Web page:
The Virtual Cloud

A new term has just crossed my desk – new to me, at least. The Virtual Private Cloud, or VPC. I apologise for being late in the game on this one, but having finally arrived I wanted to explore the concept.

Essentially, a “cloud” is a network which houses services – so long as a user device can connect to the cloud, it can receive those services. So databases, websites, email, telephony etc. I’ve talked about this in an earlier post. The whole idea of the cloud model is that the supply of services can move from all internal to all external, or a mix, and access to those services can move from being premises-based to universal. The concept of “cloud computing” is a bit different, in that the aim here is to provide servers, from which services can be delivered, “out there” on the cloud. The user of the servers doesn’t care where they are, doesn’t care what they physically look like, but will expect to be able to access them at all times and expand/contract usage on demand – it’s generally assumed this implies virtualisation of computing resources.

In simple terms, a “cloud” is a network which someone else provides and manages for you, “cloud computing” is having sole use of computing resource within that cloud, and “cloud services” are applications providing services which reside on that computing platform.

By signing up to the concept of the cloud, you sign up to using shared assets – and you accept some loss of control in return for simplicity (ie: you don’t have to worry about managing it) and reduced costs.

But by buying anything from the cloud, you do get a segment of network, datacentre, or computer which is yours to use  as you like. It might be 100Gb of bandwidth between two points, or it might be a database, or a physical server, or a VM on a multi-VM server.

Which is why a cloud isn’t either public or private – if you host your sales systems on, you don’t expect that anyone outside your organisation will have access to your data. They don’t. But you don’t expect that nobody else will have access to They do. You have a private slice.

So then, what is a private cloud? And why do you want one?

Well, you might not. Partly this is about control – by buying slices of other people’s services, servers or networks you implicitly accept some security risk. It’s probably very small, but it’s actually very difficult to know. Better then, perhaps, to extend your existing Virtual Private Network out to dedicated cloud computing resources. Now, instead of anyone on the internet being able to access your services – so long as their have the right user/password combo, or token key, or whatever else is required – only people on your network can access them. To gain access from outside requires first an extension of your network to their PC (eg: IPSec VPN tunnel) – tried and trusted technology.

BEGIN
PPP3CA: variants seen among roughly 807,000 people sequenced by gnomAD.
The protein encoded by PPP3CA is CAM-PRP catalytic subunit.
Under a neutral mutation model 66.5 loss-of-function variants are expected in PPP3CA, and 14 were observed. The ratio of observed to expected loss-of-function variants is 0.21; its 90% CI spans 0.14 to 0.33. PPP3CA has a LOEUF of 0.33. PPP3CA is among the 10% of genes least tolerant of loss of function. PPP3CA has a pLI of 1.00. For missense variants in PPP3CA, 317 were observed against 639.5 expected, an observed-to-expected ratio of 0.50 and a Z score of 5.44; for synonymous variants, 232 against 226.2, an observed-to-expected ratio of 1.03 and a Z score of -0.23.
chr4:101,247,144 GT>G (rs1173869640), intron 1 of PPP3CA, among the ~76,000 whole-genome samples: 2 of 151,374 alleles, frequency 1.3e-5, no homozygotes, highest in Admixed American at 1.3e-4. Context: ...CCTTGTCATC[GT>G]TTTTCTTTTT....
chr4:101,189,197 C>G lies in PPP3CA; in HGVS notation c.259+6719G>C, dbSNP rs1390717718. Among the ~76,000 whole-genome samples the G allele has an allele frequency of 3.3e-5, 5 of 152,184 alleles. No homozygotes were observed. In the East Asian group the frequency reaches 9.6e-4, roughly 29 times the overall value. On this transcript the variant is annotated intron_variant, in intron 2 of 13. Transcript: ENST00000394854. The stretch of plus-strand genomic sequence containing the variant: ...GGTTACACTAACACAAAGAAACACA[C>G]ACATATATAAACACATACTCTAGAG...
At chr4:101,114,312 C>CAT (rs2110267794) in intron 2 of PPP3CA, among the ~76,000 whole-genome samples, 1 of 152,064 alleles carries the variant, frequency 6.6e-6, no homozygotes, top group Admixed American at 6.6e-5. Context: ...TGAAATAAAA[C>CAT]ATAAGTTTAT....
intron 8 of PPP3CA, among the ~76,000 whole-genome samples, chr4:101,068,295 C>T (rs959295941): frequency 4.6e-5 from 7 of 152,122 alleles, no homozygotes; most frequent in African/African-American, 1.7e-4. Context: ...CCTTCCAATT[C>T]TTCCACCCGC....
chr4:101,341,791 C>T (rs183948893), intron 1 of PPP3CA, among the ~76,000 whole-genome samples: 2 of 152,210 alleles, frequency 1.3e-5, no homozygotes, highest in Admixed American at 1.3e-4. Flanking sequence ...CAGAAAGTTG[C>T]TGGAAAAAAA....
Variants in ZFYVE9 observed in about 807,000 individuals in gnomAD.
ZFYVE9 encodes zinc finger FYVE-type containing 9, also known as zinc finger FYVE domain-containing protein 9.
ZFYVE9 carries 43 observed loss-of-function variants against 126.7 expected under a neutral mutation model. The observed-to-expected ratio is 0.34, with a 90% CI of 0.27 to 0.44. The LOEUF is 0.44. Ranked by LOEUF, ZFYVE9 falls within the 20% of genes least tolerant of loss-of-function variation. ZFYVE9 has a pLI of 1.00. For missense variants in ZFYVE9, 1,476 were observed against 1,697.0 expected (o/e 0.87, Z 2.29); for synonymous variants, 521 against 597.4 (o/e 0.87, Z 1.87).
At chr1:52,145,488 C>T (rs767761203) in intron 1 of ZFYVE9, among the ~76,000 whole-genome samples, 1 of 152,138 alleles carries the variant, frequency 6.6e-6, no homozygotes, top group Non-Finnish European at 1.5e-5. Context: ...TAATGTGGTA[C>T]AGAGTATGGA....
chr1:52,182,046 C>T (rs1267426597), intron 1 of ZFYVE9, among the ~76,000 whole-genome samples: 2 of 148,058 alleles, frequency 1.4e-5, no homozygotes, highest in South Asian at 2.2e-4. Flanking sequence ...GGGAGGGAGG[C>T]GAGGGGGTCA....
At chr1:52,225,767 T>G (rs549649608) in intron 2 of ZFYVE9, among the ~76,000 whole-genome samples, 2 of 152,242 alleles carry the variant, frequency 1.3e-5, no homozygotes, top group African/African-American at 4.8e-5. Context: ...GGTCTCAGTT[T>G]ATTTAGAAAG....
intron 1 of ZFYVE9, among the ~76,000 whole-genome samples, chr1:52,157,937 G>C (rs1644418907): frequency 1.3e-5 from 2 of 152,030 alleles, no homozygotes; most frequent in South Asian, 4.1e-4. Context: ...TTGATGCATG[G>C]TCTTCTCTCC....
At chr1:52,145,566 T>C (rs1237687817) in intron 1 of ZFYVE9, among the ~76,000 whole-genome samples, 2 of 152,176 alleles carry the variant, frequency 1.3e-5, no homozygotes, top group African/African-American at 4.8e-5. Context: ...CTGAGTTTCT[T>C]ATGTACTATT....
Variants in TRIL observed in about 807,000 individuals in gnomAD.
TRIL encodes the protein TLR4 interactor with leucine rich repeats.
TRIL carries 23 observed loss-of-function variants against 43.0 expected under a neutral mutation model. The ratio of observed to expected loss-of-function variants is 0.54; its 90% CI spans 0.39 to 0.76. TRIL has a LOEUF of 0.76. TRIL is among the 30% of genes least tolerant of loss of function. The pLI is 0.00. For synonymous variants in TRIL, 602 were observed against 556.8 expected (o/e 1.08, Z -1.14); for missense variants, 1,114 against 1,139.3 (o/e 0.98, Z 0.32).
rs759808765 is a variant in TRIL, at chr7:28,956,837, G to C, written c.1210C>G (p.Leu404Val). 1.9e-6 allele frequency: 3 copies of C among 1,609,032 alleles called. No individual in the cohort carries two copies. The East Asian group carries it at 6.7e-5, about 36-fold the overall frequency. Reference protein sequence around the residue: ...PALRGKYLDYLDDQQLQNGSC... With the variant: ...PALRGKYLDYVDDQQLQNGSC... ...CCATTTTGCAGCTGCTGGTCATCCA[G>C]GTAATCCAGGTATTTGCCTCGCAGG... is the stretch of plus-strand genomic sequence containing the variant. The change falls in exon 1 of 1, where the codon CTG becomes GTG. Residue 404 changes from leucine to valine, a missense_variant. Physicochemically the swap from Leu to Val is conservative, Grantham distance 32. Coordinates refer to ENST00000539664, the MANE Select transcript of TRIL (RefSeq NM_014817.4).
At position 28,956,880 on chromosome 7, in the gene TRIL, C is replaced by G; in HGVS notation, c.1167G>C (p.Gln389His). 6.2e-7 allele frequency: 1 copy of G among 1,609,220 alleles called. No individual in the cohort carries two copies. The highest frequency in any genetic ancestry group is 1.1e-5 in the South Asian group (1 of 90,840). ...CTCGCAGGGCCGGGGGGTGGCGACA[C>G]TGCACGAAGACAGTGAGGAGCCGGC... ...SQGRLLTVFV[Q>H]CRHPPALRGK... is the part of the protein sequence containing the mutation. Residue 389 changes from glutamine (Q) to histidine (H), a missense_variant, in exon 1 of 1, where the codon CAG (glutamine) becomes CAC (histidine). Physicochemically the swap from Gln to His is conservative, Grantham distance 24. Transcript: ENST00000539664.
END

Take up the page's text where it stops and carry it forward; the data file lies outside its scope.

But hang on, isn’t this missing the point of the cloud in the first place? The future is not one of ring-fenced computer systems and networks, it is one where devices build connections to each other based on their identity, or that of the user, over a trusted or untrusted network. That is how services become ubiquitous, that is how access becomes ubiquitous, that is how working practices become mobile and flexible to the extent that virtual teams which cross organisations can be created and torn down in an instant according to need.

For this reason, I’m very wary of the VPC concept. It may have the ability to win over customers who have yet to buy into the future of communications, but it could easily become a distraction from the real purpose of the communications age: to link people, and to ensure that information flow need have no boundaries so that they can work together to achieve their aims.


About mikbarne
I'm a writer and freelance communications and collaboration consultant with nearly 20 years experience in UK telecommunications, specialising in VoIP, Unified Communications and Collaboration, and building effective communications architectures. Visit my Google+ Profile

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